How to Deal With Lying Colleagues

by Lisa McQuerrey, Demand Media
    Confront a colleague who lies about or steals your work.

    Confront a colleague who lies about or steals your work.

    If you thought you left game-playing and lie-telling people behind in high school and college, think again. Backstabbing, lying and dishonesty can pop up in the workplace, too, and it can make your work life just as miserable as it did in the 12th grade. Whether someone is intentionally trying to sabotage your career or is just trying to get out of work or avoid taking responsibility, lying coworkers can do more than just annoy you -- they can also cost you your job.

    Who Lies

    Figuring out who is most likely to lie -- and in what circumstances -- can help you identify lying colleagues. A 2011 Psychology Today study indicates that women and men typically lie at the same rates, but they lie for different reasons. Men are more likely to tell other men and women lies that help them save face, like, "I never got the memo, so I couldn't finish the project." Women are more likely to lie to each other about things that will save hurt feelings, like, "No really, your presentation wasn't confusing, it made a lot of sense!"

    Omission Liars

    Some colleagues won't lie straight-up -- they'll be sneaky about it by only telling you half-truths or just keeping mum about things you need to know. This is the colleague who says, “Sorry, I forgot to tell you about that meeting,” or doesn't give you a heads-up that your boss is mad about a missed deadline. Keep an eye out for this sneaky behavior -- the first time it happens, you might be able to brush it off as an oversight, but when it happens over and over, it's on you to wise up to the situation and watch your own back.

    Blame-Deflecting Liars

    The "I didn't do it!" liar is one of the more annoying colleagues to work with. Blame-deflecting liars always try to shift attention away from themselves by pointing the finger at someone else. These people rarely take responsibility for things that go wrong and will attempt to pass the buck and the blame. An example is a coworker who claims she didn't get the email about a change in the production schedule because you forgot to send it, or a colleague who says she turned in a report to you when she never did the report in the first place. These childish people can hurt your reputation if they play the blame game and you're caught in the middle. Protect yourself by keeping track of correspondence -- for example, send emails with a return receipt requested to prove they get your communication.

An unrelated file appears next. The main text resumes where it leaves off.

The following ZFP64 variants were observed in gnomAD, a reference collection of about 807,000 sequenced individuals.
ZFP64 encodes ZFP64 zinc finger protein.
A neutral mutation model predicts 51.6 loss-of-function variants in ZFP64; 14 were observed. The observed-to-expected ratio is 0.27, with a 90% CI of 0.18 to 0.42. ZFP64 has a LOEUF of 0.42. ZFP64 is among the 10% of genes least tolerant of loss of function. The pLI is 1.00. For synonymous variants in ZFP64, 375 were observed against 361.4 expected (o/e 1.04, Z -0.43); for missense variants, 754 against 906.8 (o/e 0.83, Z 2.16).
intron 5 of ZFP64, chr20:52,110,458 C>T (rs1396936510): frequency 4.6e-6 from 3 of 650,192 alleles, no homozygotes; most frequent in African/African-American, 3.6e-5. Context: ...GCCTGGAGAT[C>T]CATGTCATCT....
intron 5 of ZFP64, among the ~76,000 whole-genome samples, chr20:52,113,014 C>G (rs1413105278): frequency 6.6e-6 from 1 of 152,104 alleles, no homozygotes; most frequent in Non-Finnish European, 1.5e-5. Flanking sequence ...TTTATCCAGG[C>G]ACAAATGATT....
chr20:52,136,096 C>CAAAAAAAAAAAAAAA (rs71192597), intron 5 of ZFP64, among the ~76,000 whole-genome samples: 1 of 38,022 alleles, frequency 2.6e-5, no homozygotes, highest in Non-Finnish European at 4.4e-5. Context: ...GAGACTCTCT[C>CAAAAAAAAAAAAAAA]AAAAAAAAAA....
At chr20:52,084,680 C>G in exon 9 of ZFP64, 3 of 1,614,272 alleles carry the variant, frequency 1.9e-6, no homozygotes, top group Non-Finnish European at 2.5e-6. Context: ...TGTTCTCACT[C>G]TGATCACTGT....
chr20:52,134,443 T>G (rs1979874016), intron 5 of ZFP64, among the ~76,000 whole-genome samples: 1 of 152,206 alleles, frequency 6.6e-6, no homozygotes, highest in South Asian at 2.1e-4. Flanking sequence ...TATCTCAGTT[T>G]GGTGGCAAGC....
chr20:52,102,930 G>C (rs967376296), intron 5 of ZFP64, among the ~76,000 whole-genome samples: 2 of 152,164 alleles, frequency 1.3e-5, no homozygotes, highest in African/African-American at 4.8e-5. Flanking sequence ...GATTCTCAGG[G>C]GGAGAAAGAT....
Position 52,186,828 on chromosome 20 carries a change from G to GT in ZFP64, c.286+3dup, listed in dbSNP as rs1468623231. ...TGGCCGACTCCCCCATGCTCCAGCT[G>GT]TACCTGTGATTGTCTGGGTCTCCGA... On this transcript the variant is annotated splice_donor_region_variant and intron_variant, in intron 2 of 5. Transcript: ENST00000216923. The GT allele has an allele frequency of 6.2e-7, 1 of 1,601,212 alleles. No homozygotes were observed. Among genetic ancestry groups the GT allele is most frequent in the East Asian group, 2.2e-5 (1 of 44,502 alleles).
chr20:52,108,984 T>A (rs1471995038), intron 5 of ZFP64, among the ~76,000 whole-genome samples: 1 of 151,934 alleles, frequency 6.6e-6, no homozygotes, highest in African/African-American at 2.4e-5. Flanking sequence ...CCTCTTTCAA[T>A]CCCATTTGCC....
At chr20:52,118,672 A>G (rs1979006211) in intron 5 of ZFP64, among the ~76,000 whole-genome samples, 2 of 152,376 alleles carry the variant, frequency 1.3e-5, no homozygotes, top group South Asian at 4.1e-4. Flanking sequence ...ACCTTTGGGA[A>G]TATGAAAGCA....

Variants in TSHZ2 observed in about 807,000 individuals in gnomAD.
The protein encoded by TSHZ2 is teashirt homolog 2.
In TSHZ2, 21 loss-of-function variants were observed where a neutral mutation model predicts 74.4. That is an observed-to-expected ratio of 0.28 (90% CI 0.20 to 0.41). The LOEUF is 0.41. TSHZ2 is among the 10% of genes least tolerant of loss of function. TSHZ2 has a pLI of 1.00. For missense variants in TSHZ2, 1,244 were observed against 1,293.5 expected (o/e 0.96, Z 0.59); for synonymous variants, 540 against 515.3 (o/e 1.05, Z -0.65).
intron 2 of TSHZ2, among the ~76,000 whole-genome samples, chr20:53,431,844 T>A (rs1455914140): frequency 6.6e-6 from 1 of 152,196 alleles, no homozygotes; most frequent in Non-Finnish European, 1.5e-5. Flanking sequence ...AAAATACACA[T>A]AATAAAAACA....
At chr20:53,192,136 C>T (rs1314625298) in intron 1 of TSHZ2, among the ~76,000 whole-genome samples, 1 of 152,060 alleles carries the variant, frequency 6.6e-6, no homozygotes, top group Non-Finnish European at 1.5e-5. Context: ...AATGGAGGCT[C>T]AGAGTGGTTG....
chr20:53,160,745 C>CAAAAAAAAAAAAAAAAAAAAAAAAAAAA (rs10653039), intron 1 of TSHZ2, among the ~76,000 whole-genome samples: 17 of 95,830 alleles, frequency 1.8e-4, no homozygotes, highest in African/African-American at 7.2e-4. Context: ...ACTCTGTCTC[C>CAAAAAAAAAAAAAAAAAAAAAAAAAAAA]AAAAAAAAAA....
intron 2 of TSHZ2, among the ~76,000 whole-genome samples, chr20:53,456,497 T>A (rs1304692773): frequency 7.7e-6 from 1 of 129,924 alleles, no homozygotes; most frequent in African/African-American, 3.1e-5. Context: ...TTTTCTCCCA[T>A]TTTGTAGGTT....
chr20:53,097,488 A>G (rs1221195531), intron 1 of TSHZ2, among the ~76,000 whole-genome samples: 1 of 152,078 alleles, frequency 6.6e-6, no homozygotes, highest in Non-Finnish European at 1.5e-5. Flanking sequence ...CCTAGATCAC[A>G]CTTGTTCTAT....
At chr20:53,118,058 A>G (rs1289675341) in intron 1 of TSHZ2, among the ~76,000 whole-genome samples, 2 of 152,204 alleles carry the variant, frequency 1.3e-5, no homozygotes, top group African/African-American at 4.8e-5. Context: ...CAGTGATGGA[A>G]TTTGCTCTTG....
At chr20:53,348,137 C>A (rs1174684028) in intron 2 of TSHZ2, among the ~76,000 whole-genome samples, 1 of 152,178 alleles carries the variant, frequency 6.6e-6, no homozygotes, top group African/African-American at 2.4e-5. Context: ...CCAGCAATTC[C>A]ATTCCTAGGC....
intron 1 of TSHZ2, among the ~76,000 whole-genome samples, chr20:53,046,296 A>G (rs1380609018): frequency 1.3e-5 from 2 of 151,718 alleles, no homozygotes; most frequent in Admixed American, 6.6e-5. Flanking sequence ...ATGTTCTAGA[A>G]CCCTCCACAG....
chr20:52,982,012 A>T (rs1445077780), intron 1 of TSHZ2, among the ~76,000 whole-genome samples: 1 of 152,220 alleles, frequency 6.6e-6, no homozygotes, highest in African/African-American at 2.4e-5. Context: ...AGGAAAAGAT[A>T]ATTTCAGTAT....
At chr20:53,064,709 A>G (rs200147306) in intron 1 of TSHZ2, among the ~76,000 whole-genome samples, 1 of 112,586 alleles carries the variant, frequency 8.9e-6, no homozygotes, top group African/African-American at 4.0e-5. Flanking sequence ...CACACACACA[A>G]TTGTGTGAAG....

Career-Sabotaging Liars

    Coworkers who are out to ruin your reputation or run your career off-track will feed the rumor mill with untruths about you in an effort to better position themselves for success. It can be tough to pin these liars because they often hide behind phrases like, "Just kidding!" An example is a coworker who says she heard you “might be having an affair with the boss” or that you were “fired from your last job because of insubordination.” This kind of person can be dangerous, and won't think twice about taking credit for your work, presenting your ideas as her own, or making waves between you and other people in the office. Steer clear of these drama queens as much as possible. Confront them with their lies, and set the record straight pronto.

    Tracking Liars

    While you don't want to go through your professional life paranoid that every colleague is out to get you, it's still a good idea to keep track of sketchy situations where you think a colleague's behavior is questionable. If you figure out a coworker has a pattern of being petty, immature and manipulative, start keeping track of what she says and does that's out of line. Save voice mail messages, emails and memos and document your own work product. If things get ugly, you can always take your case to the boss for intervention.

    About the Author

    Lisa McQuerrey has been a business writer since 1987. In 1994, she launched a full-service marketing and communications firm. McQuerrey's work has garnered awards from the U.S. Small Business Administration, the International Association of Business Communicators and the Associated Press. She is also the author of several nonfiction trade publications, and, in 2012, had her first young-adult novel published by Glass Page Books.

    Photo Credits

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